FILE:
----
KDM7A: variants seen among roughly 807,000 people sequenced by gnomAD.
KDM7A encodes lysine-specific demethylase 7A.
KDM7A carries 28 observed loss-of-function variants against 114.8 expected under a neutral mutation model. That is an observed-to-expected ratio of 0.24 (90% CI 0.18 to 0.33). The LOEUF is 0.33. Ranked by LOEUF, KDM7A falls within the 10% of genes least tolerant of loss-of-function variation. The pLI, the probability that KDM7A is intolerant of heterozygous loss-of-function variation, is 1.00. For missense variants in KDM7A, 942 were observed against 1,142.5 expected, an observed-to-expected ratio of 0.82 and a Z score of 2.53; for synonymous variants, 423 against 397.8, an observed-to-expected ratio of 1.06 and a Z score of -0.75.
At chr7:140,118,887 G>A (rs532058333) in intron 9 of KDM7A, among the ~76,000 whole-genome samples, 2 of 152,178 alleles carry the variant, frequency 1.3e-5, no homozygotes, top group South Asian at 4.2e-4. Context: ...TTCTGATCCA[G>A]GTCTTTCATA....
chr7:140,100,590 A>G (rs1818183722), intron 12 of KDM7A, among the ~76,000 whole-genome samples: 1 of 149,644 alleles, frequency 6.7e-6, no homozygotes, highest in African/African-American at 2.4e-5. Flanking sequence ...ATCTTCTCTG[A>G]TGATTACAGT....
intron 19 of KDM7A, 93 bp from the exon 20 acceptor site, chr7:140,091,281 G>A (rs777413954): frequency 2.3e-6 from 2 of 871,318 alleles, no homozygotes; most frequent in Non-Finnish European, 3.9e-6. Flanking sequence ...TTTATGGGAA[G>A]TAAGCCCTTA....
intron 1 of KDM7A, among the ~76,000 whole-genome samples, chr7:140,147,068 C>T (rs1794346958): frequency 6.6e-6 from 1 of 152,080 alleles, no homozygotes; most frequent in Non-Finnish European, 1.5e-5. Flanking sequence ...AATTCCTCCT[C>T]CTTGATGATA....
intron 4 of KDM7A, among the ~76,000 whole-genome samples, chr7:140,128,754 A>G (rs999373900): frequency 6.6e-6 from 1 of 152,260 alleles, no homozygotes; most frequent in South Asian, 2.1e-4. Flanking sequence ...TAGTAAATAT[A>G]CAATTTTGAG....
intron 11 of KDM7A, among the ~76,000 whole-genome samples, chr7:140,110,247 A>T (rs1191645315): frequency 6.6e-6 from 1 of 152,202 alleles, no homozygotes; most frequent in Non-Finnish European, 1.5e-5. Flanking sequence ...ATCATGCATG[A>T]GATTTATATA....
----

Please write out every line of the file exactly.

KDM7A: variants seen among roughly 807,000 people sequenced by gnomAD.
KDM7A encodes lysine-specific demethylase 7A.
KDM7A carries 28 observed loss-of-function variants against 114.8 expected under a neutral mutation model. That is an observed-to-expected ratio of 0.24 (90% CI 0.18 to 0.33). The LOEUF is 0.33. Ranked by LOEUF, KDM7A falls within the 10% of genes least tolerant of loss-of-function variation. The pLI, the probability that KDM7A is intolerant of heterozygous loss-of-function variation, is 1.00. For missense variants in KDM7A, 942 were observed against 1,142.5 expected, an observed-to-expected ratio of 0.82 and a Z score of 2.53; for synonymous variants, 423 against 397.8, an observed-to-expected ratio of 1.06 and a Z score of -0.75.
At chr7:140,118,887 G>A (rs532058333) in intron 9 of KDM7A, among the ~76,000 whole-genome samples, 2 of 152,178 alleles carry the variant, frequency 1.3e-5, no homozygotes, top group South Asian at 4.2e-4. Context: ...TTCTGATCCA[G>A]GTCTTTCATA....
chr7:140,100,590 A>G (rs1818183722), intron 12 of KDM7A, among the ~76,000 whole-genome samples: 1 of 149,644 alleles, frequency 6.7e-6, no homozygotes, highest in African/African-American at 2.4e-5. Flanking sequence ...ATCTTCTCTG[A>G]TGATTACAGT....
intron 19 of KDM7A, 93 bp from the exon 20 acceptor site, chr7:140,091,281 G>A (rs777413954): frequency 2.3e-6 from 2 of 871,318 alleles, no homozygotes; most frequent in Non-Finnish European, 3.9e-6. Flanking sequence ...TTTATGGGAA[G>A]TAAGCCCTTA....
intron 1 of KDM7A, among the ~76,000 whole-genome samples, chr7:140,147,068 C>T (rs1794346958): frequency 6.6e-6 from 1 of 152,080 alleles, no homozygotes; most frequent in Non-Finnish European, 1.5e-5. Flanking sequence ...AATTCCTCCT[C>T]CTTGATGATA....
intron 4 of KDM7A, among the ~76,000 whole-genome samples, chr7:140,128,754 A>G (rs999373900): frequency 6.6e-6 from 1 of 152,260 alleles, no homozygotes; most frequent in South Asian, 2.1e-4. Flanking sequence ...TAGTAAATAT[A>G]CAATTTTGAG....
intron 11 of KDM7A, among the ~76,000 whole-genome samples, chr7:140,110,247 A>T (rs1191645315): frequency 6.6e-6 from 1 of 152,202 alleles, no homozygotes; most frequent in Non-Finnish European, 1.5e-5. Flanking sequence ...ATCATGCATG[A>T]GATTTATATA....